At the cusp of what are widely believed to be elections that transform policy-making and the administrative landscape of the subcontinent, Indiaís prospects are in stark contrast to the political and socio-economic troubles in several emerging markets (EMs). Perhaps uniquely among EMs, there is likely to be a non-violent regime change, and possibly one that would bring on board a strong government.
We have remained constructive on the broader Indian market, given the steady year-on-year increase in index EPS, a below-average market P/E and a stable if not a marginally appreciating currency. Now, however, given the political and economic challenges in other EMs, India suddenly looks relatively more attractive.
While we continue to expect downward revisions to index EPS in India, the pace of these revisions is far slower than in other EMs, particularly as many EMs have been forced to raise interest rates sharply to avert a currency crisis, and some others like China are only starting to unwind some speculative excesses. Further, forward-looking estimates suggest a much stronger earnings growth trajectory.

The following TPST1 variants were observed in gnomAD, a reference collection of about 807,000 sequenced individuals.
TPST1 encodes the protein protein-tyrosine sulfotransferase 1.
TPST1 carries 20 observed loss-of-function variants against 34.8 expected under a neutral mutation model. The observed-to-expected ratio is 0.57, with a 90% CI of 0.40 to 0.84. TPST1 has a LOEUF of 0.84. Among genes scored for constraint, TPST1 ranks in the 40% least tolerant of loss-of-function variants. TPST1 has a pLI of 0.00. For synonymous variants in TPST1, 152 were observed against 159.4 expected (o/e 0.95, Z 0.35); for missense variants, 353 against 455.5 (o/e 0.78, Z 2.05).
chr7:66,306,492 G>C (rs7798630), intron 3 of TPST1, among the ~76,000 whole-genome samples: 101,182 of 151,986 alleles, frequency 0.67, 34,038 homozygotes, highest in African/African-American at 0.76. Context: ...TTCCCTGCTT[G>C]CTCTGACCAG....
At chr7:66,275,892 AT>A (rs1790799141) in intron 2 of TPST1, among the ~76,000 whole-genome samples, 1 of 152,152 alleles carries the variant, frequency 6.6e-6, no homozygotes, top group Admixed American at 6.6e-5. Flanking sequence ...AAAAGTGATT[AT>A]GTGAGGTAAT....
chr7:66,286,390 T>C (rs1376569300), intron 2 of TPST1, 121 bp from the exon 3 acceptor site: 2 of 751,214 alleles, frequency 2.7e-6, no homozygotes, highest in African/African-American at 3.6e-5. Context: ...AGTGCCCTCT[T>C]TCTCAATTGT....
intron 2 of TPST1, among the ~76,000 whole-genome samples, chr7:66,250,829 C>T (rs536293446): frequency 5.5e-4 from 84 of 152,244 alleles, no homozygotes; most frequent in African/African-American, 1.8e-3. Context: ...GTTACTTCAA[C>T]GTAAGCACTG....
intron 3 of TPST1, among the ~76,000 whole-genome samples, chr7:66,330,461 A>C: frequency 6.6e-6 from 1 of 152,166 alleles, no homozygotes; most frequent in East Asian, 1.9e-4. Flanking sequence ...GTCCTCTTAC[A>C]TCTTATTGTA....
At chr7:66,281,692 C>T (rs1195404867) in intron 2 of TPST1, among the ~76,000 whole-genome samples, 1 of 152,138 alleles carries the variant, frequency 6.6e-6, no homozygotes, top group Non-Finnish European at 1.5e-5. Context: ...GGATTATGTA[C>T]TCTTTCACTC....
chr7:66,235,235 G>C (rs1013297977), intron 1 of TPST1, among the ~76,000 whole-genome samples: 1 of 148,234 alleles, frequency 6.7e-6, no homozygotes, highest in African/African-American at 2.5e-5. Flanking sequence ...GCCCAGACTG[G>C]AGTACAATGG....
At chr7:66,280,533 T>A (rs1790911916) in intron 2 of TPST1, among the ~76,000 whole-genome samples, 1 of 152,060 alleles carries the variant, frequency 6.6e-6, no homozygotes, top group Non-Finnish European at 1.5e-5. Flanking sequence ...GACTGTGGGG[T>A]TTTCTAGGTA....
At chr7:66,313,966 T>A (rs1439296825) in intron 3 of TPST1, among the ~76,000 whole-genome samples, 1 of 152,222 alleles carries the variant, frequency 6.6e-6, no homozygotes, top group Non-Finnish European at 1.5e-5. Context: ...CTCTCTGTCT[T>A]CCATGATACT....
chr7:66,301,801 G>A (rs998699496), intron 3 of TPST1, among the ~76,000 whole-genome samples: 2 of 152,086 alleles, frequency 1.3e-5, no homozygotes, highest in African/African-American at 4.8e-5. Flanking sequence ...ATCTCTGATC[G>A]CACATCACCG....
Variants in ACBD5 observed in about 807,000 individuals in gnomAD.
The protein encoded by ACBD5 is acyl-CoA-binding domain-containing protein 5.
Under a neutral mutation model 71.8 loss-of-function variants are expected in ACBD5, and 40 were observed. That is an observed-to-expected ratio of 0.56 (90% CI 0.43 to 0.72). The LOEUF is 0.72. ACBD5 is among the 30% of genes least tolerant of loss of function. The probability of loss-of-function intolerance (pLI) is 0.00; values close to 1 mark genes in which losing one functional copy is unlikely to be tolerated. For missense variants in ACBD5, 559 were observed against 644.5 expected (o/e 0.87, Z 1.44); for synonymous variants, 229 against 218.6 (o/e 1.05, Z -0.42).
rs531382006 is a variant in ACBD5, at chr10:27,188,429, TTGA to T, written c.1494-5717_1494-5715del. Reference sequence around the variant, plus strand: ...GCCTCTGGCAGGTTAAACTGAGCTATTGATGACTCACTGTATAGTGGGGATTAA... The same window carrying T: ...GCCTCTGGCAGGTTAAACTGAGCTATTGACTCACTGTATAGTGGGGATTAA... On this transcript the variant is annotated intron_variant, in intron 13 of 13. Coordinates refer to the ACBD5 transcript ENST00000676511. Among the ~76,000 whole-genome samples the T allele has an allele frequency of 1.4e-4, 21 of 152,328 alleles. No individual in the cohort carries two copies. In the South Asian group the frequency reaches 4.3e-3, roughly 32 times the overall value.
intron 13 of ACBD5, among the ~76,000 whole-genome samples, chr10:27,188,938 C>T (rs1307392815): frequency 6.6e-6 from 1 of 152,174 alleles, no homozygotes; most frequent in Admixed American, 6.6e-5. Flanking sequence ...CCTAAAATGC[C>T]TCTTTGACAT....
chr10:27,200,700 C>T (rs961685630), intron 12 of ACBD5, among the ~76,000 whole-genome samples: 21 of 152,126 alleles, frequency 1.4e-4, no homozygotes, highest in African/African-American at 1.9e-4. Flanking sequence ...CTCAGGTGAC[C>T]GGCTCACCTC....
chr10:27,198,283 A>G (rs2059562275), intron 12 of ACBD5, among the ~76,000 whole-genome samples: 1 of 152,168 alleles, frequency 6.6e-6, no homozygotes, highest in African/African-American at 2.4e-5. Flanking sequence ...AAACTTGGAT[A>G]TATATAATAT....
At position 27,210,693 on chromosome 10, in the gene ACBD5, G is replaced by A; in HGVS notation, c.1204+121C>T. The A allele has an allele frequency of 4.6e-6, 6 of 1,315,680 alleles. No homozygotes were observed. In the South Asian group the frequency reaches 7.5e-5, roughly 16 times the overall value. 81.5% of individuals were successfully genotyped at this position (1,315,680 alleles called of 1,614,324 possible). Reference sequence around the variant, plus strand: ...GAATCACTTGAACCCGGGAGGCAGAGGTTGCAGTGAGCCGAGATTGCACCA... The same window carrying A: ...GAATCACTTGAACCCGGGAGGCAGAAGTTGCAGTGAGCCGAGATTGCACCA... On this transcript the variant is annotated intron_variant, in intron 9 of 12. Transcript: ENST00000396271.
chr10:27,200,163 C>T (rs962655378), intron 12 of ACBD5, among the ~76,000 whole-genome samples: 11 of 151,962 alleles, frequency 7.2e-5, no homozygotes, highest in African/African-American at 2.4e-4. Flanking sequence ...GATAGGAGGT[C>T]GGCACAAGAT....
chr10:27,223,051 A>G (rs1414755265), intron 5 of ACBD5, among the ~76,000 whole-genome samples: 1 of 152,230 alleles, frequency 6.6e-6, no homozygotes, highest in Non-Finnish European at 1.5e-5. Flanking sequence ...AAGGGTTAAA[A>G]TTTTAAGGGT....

Consumer price inflation is out of the double-digit territory, and the high base of vegetable inflation in CY13 suggests that even potential weather disruptions in CY14 rule out spikes. WPI inflation is near four-year lows. While we do not expect inflation to come down anytime soon to levels at which the central bank can start cutting rates, a lower inflation trajectory keeps markets optimistic. Further, at a time when investors are worried about the effect of tapering on EM currencies, the Indian rupee has been remarkably stable and range-bound. Indiaís current account deficit (CAD) for the last six months has shrunk to $10 bn, ~1% of GDP, annualising to $20 bn/year. The reduction in CAD has been the most dramatic among EMs.
The necessity of and the dependence on foreign capital is, thus, significantly lower than it used to be in the past. This has happened mostly due to weaker domestic demand.
The relative attractiveness among EMs implies continued capital inflows, though external capital requirements have come down with the fall in CAD.
Hopes are high among investors that elections can re-start the investment cycle. Such misplaced optimism ignores the realities of the business cycle and overestimates the powers of the central government. Only a fourth of investment projects under implementation are stuck with the central government; the rest are constrained by overcapacity, balance sheets, or with state